• In extended periods of extreme heat stress blind shoots can also occur. Blind shoots may appear blackened or completely absent of a leaf axil. Most commercial cultivars today are not susceptible to blind shoots unless extreme heat and stress conditions are ongoing.

Heat stress’s effects of branching:

  • Environmental stress during propagation, establishment, and vegetative growth phases can have an impact on branching.  High light levels, excessive temperatures, and reduced relative humidity can reduce the number of shoots formed after pinch.
  • During periods of extreme heat and low relatively humidity poinsettia tissue can harden, compromising branching.
  • Loss of phytoplasma (MLO) can result with extended, extreme heat. Phytoplasma are organisms present in the phloem of the poinsettia plant.  Phytoplasma reacts with a poinsettias genome and this reaction initiates a hormone responsible for “free branching”.  Heat stress conditions (high light, high heat, low moisture availability) during propagation and the establishing phase can actually eliminate phytoplasm resulting in poor branching, uneven branch development, and a physical appearance not characteristic of a particular cultivar.  All poinsettia cultivars can lose phytoplasma but some cultivars appear to be more susceptible.
    • Specific data showing what temperatures and the duration of those temperatures needed to actually remove phytoplasm are not available at this time.  However, initial trialing by the Ecke Ranch suggests that at under trial conditions of maximum day temperatures of a 100°F/37°C or more and night temperatures of not less than 70°F/21°C, the phytoplasm was removed from 10%-20% of the plants after 1 to 2 weeks of treatment at those temperatures. These high temperature treatments were effective in removing the phytoplasm in some plants from propagation through 1 to 2 weeks after pinch. .  It is also likely that there is an interaction between humidity and temperature and it’s affect on loss of the phytoplasma, but tests were not conducted to establish the link between the two.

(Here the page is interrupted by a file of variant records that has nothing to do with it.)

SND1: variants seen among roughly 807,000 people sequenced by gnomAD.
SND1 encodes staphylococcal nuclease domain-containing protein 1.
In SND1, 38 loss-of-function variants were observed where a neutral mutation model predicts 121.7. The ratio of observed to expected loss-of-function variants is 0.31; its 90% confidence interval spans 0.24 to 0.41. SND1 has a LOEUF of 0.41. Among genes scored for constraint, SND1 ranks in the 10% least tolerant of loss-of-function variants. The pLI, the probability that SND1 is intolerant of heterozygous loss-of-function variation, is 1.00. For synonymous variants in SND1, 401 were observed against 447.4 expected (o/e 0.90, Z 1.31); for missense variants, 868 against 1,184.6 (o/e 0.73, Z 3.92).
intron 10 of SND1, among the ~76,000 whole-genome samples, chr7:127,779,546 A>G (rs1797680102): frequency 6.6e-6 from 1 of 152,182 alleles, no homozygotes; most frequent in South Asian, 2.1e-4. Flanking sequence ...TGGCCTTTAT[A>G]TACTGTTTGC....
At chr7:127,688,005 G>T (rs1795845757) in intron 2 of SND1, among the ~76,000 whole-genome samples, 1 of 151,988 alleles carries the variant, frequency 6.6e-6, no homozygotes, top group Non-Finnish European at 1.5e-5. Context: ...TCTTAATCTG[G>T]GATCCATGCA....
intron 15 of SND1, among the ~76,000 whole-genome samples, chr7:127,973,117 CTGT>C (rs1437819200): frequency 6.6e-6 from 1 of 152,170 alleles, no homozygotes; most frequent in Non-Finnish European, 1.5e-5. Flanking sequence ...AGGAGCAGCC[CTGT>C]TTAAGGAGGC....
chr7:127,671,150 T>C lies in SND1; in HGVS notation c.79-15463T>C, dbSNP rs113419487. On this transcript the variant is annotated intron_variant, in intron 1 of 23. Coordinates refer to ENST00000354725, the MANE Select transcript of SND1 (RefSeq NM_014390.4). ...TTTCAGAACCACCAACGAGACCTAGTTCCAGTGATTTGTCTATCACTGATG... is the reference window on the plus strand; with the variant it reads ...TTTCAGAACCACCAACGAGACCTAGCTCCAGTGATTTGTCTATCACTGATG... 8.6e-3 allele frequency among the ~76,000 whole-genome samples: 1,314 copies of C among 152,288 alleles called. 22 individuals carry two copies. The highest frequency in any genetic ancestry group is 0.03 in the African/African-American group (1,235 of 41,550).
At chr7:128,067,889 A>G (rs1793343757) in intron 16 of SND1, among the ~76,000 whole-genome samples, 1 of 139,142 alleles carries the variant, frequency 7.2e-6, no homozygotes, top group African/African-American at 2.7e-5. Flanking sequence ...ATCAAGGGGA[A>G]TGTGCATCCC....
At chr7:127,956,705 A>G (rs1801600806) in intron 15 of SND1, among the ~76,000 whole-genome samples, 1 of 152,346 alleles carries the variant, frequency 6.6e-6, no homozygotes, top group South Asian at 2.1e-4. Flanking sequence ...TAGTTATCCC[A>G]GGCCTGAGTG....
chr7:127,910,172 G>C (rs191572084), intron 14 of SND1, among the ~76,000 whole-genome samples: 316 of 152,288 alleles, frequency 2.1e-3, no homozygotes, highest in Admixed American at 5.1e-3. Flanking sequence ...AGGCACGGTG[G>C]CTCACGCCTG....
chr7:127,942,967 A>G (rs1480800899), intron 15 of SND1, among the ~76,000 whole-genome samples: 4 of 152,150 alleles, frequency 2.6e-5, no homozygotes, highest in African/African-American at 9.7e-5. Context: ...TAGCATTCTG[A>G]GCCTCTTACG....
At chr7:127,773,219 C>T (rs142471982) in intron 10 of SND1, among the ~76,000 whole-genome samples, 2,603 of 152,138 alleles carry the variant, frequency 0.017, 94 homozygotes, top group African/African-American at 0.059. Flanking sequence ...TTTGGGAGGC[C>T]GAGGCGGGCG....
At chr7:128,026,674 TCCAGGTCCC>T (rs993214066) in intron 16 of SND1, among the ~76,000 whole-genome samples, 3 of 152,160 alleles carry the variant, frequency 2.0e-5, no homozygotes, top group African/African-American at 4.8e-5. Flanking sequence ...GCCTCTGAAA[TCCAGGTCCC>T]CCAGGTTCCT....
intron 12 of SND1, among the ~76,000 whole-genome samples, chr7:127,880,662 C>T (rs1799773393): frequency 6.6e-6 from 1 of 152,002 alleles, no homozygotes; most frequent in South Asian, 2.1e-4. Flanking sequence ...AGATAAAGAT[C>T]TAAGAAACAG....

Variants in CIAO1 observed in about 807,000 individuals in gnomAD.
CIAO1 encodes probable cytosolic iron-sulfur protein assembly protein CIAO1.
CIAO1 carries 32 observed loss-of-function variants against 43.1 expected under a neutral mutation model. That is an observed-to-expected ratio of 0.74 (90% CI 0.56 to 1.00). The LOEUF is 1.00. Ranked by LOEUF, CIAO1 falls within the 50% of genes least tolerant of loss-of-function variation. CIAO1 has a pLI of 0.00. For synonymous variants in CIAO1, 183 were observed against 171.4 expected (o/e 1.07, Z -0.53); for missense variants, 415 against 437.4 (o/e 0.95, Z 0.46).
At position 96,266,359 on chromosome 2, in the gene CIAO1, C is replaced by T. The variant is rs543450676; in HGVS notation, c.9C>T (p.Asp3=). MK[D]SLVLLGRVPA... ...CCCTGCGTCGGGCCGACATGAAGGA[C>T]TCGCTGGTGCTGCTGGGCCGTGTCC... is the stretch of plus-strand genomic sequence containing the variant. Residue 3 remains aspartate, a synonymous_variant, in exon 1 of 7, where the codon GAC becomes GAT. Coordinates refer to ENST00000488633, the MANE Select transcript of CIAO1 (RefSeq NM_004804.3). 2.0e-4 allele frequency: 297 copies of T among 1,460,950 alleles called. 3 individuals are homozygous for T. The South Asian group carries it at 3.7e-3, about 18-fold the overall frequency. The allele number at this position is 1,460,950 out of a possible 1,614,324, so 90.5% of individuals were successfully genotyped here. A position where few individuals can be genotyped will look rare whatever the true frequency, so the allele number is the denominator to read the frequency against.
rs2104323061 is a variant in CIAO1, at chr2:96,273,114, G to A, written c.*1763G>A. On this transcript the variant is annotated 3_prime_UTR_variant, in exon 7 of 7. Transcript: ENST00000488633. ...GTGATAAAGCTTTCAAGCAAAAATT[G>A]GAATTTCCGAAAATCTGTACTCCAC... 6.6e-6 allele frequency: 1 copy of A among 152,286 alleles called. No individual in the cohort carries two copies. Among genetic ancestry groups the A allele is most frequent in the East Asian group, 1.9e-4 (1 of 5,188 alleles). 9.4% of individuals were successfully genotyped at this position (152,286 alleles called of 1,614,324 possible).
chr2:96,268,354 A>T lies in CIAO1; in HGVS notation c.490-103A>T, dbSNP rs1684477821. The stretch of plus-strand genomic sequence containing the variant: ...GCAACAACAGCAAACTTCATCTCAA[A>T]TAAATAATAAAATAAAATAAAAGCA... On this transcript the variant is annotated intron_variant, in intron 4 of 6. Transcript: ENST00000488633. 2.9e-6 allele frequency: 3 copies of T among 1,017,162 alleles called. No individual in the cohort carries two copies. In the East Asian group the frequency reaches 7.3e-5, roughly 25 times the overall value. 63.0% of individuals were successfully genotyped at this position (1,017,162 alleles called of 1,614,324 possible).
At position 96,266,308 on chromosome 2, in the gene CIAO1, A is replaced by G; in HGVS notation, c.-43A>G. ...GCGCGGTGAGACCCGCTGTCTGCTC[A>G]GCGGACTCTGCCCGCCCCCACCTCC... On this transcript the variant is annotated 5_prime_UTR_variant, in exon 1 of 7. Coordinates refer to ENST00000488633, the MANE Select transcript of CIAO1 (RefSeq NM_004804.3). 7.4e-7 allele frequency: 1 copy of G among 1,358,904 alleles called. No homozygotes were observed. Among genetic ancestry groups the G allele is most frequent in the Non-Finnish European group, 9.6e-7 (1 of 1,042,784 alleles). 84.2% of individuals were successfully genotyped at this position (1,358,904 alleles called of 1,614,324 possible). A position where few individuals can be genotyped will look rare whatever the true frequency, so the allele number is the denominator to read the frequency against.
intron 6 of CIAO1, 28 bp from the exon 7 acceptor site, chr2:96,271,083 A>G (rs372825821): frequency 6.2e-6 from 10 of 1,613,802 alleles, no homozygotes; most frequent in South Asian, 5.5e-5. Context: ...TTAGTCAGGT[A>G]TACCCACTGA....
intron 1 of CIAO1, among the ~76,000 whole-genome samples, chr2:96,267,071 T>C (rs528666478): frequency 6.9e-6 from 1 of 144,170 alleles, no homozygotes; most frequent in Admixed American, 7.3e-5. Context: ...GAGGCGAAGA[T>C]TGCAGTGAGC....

Take necessary steps  to manage the greenhouse environment properly and alleviate the stresses heat can cause.   Heat stress can diminish the quality of a poinsettia crop at any stage of production.

  • Mist young plants with clear water in the warmest part of the day.  This will help cool the leaf surface.
  • Syringe plants with clear, cool water to cool root systems or consider adjusting watering schedule to irrigate plants in the afternoon rather than first thing in the morning.  An afternoon irrigation will cool the plants without the risk of over saturating the media which could be the case if the plants are watered in the morning then syringed again if the afternoon.
  • Wet walk ways to allow evaporation to cool the greenhouse and raise the relative humidity.


If you have further questions or concerns you can post those questions in On Board™ at or email Rebecca Siemonsma at  She can also be reached at 760.944.4060